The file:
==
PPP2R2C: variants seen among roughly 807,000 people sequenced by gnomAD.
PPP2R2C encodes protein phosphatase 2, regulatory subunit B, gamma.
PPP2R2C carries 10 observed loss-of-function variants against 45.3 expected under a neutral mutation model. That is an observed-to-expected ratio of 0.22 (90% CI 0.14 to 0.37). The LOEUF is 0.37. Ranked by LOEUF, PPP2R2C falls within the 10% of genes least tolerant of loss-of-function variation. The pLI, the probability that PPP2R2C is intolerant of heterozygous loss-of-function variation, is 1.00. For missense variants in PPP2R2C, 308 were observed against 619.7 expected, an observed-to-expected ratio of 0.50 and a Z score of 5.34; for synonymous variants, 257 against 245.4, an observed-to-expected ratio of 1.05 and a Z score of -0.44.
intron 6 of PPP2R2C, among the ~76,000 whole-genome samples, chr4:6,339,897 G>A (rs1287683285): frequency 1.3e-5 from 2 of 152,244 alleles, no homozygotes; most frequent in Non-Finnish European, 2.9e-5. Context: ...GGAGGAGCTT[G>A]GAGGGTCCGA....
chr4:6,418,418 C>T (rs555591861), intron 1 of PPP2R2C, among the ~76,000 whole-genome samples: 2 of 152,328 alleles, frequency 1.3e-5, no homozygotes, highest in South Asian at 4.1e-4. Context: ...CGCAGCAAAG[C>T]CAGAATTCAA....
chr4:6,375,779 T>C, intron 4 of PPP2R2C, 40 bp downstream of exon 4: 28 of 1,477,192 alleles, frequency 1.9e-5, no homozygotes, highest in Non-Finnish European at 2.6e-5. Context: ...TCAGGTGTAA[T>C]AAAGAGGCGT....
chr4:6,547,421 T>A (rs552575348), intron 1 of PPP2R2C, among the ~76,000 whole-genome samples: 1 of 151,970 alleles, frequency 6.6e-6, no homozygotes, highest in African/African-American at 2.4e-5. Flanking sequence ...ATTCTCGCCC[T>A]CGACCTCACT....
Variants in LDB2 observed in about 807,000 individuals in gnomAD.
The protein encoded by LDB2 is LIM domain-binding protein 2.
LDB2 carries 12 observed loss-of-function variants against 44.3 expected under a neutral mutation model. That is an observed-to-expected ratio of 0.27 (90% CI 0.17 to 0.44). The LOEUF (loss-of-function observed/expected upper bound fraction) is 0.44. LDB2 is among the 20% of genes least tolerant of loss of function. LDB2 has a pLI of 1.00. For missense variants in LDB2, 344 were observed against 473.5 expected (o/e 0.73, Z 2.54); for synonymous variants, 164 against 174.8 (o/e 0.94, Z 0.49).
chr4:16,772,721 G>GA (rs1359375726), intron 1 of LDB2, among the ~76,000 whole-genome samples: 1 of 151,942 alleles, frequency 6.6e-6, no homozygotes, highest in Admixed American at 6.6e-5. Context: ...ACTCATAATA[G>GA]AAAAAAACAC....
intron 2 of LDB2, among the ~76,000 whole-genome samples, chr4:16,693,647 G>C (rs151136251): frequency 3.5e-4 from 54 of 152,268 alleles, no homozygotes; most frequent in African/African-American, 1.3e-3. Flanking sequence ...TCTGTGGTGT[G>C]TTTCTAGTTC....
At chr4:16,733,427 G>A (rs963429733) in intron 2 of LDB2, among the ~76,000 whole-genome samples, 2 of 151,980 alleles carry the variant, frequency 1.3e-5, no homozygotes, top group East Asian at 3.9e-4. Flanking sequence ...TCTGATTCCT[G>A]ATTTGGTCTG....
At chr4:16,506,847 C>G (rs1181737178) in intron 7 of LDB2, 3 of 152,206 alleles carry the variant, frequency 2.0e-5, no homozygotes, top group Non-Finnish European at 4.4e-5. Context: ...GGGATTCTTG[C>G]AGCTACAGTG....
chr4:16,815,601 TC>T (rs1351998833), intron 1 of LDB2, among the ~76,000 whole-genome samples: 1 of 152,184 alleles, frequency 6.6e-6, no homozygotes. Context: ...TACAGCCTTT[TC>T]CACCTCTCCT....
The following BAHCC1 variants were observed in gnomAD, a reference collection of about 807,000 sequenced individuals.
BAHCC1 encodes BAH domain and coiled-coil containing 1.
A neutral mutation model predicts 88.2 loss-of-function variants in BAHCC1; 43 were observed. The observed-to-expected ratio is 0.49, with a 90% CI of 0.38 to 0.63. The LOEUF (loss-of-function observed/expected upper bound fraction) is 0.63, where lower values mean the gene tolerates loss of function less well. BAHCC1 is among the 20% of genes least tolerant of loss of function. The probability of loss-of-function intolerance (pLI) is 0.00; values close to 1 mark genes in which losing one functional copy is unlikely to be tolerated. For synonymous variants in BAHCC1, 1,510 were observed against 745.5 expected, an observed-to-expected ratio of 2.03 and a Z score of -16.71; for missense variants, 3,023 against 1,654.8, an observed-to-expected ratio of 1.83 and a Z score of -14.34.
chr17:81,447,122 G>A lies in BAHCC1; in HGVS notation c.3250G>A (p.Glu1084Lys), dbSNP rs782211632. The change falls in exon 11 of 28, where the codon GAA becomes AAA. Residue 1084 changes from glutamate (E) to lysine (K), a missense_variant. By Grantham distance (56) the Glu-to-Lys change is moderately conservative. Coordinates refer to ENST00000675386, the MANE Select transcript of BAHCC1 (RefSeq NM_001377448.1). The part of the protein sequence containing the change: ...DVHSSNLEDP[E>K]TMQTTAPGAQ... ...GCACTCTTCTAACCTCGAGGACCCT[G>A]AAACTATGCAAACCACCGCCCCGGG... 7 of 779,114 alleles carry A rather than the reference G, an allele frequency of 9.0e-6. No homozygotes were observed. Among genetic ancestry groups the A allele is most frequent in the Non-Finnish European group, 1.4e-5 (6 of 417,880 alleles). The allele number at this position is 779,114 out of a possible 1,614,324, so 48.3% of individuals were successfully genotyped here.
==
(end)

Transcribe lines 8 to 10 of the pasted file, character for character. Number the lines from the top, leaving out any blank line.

Variants in LDB2 observed in about 807,000 individuals in gnomAD.
The protein encoded by LDB2 is LIM domain-binding protein 2.
LDB2 carries 12 observed loss-of-function variants against 44.3 expected under a neutral mutation model. That is an observed-to-expected ratio of 0.27 (90% CI 0.17 to 0.44). The LOEUF (loss-of-function observed/expected upper bound fraction) is 0.44. LDB2 is among the 20% of genes least tolerant of loss of function. LDB2 has a pLI of 1.00. For missense variants in LDB2, 344 were observed against 473.5 expected (o/e 0.73, Z 2.54); for synonymous variants, 164 against 174.8 (o/e 0.94, Z 0.49).